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This is the eighth volume in the series of Memorial Tributes compiled by the National Academy of Engineering as a personal remembrance of the lives and outstanding achievements of its members and international members. These volumes are intended to stand as an enduring record of the many contributions of engineers and engineering to the benefit of humankind. In most cases, the authors of the tributes are contemporaries or colleagues who had personal knowledge of the interests and the engineering accomplishments of the deceased.
WRITTEN BY IRWIN B. FIELDHOUSE
SUBMITTED BY THOMAS L. MARTIN, JR.
Marvin Camras, often referred to as ''the Father of Magnetic Recording,'' was born in Chicago on January 1, 1916, and died on June 23, 1995, at the age of seventy-nine. He was clearly an individual of extraordinary drive, imagination, and persistence.
As an undergraduate in electrical engineering at the Armour Institute of Technology (now Illinois Institute of Technology [IIT]), Marvin Camras became interested in magnetic recording. This is an old art, which had been the subject of laboratory investigation for many years. Camras brought to it a fresh and ingenious approach that resulted in outstanding improvements in high-frequency fidelity, signal-to-noise ratio, and freedom from distortion.
Marvin Camras's interest in recording sound came about because of his cousin's desire to be an opera singer. His cousin asked Marv if there was an inexpensive way to record and play back his voice. Marv, a junior in electrical engineering, recalled reading of Danish Professor Vlademar Poulsen's experiments with magnetic wire recording. However, these experiments failed in the marketplace because whenever the wire twisted, the magnetic signal was changed, resulting in distortion in the audio playback.
To solve this problem, Marv built a recorder in which the steel thread passed longitudinally through a small object about the size of a lump of sugar. This insignificant-looking item is what turned the trick. This was the recording head; it made wire recording possible by magnetizing the wire longitudinally and symmetrically about its axis, permitting a clear playback. The sound fidelity achieved was so dramatic that his professors urged him to join Armour Research Foundation (now IIT Research Institute [IITRI]) to continue the development of the recorder. In 1940 Camras joined IITRI and after further research, perfected "high-frequency bias," which greatly reduced noise and distortion. He continued to work on magnetic recording, bringing forth major improvements from 1940 to 1987.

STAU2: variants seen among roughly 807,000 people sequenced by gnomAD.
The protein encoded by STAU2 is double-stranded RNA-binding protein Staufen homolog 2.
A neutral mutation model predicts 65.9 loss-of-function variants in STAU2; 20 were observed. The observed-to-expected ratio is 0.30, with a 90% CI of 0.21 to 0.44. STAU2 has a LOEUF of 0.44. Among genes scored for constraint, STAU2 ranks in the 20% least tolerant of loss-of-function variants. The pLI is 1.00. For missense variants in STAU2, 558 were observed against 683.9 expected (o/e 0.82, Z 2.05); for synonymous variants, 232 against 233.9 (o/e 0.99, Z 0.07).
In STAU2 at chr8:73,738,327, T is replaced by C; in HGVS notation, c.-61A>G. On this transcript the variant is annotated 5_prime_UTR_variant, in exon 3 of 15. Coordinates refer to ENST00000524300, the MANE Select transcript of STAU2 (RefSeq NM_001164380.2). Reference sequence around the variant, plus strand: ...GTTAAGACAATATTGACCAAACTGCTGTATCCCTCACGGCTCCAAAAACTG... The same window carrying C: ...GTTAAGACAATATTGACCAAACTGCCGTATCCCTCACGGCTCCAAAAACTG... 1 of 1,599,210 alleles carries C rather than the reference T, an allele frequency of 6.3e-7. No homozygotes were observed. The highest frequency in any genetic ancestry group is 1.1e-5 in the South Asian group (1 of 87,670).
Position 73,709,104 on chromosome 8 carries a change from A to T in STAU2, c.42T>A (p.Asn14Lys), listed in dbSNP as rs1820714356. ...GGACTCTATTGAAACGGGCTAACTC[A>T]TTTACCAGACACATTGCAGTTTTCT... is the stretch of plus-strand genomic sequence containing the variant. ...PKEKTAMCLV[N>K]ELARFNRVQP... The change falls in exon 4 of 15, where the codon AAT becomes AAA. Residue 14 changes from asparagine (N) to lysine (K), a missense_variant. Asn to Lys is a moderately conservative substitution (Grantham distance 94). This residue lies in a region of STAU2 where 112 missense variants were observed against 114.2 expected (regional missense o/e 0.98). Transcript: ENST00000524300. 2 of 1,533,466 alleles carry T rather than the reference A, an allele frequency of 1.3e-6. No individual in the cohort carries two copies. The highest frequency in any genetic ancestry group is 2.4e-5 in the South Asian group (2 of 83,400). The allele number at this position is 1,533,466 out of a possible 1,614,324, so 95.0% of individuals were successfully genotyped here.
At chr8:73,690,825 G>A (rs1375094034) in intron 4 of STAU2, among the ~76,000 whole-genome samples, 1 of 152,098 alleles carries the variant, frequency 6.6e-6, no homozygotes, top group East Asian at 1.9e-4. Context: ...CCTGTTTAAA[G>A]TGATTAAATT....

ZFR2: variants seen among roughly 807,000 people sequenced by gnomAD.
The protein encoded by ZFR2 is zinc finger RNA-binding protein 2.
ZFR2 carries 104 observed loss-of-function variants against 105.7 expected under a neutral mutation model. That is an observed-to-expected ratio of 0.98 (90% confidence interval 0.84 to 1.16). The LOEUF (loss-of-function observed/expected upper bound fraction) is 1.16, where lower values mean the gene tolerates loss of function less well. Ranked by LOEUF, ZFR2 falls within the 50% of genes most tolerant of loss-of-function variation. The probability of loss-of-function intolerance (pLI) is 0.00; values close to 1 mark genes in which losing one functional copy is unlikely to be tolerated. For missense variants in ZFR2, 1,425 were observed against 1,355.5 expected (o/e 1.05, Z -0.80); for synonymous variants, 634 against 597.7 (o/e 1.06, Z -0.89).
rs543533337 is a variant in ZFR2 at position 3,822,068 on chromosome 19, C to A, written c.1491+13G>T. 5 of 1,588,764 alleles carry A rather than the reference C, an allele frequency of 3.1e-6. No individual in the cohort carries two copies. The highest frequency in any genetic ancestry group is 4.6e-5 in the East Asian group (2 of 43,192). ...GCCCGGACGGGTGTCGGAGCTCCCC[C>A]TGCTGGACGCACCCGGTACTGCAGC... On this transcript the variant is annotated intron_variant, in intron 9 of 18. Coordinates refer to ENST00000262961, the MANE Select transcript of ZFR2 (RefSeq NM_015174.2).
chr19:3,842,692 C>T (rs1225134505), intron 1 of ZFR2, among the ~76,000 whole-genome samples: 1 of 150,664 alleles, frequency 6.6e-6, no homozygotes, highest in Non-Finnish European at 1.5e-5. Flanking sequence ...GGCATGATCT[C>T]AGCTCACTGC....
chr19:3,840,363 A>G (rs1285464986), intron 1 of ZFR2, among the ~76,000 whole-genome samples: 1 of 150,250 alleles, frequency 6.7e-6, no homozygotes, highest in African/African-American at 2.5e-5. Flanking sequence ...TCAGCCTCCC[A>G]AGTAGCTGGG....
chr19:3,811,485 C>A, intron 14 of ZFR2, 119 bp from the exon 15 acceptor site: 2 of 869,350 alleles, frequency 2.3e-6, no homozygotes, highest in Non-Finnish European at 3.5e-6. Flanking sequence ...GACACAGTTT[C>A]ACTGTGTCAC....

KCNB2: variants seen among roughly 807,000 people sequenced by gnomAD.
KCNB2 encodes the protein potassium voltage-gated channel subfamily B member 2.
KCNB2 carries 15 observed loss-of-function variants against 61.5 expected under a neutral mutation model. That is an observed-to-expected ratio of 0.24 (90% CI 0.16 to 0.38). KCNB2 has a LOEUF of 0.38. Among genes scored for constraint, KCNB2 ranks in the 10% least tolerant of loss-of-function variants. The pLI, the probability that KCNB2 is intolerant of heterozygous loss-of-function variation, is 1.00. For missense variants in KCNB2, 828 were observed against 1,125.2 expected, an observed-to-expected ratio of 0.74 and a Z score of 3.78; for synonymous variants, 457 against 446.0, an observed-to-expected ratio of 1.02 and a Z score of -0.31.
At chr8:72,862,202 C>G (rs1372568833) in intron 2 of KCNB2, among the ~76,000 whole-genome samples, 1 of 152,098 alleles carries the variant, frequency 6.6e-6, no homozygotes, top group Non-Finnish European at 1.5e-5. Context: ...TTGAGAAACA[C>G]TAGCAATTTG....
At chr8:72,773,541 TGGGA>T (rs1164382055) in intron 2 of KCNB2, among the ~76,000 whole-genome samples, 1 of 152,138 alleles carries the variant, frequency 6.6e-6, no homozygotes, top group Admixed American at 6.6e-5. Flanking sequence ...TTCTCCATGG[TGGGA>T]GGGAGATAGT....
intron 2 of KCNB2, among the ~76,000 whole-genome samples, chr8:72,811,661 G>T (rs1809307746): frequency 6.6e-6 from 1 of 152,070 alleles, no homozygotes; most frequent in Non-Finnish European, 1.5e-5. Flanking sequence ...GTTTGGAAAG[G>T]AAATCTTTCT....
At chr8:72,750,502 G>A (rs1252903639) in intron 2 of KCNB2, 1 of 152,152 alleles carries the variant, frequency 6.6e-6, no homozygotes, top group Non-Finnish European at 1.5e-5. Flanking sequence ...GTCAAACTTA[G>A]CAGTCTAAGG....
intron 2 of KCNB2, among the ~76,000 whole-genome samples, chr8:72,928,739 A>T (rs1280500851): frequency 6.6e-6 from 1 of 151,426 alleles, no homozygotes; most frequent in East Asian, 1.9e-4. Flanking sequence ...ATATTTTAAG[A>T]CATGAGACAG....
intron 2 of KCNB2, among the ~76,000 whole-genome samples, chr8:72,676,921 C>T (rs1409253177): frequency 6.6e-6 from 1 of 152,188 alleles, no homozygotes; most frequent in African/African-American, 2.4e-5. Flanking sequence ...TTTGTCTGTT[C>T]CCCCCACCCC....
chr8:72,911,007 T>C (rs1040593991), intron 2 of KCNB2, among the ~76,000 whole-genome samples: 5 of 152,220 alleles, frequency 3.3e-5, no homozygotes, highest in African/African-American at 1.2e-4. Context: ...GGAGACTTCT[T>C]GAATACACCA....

When Camras joined IITRI in 1940, it was just small enough for his idea to reach the then director of IITRI, Thomas C. Poulter, and just large enough with mechanical, electrical, and metallurgical engineering departments to help bring his idea to the patent stage. Camras's life was exemplified by the theme of Daniel Rosenthal's book, A Blueprint for Living. Rosenthal's three-part motto was "you will live as long as you learn, you will learn as long as it is interesting, and it will be interesting as long as it is fun."
Camras continued his academic studies at night school and earned a master of science degree in 1942. He received an honorary doctorate in 1968 from IIT. In addition, he took evening courses in nonengineering subjects such as biology, chemistry, physics, and social and political sciences at the University of Chicago.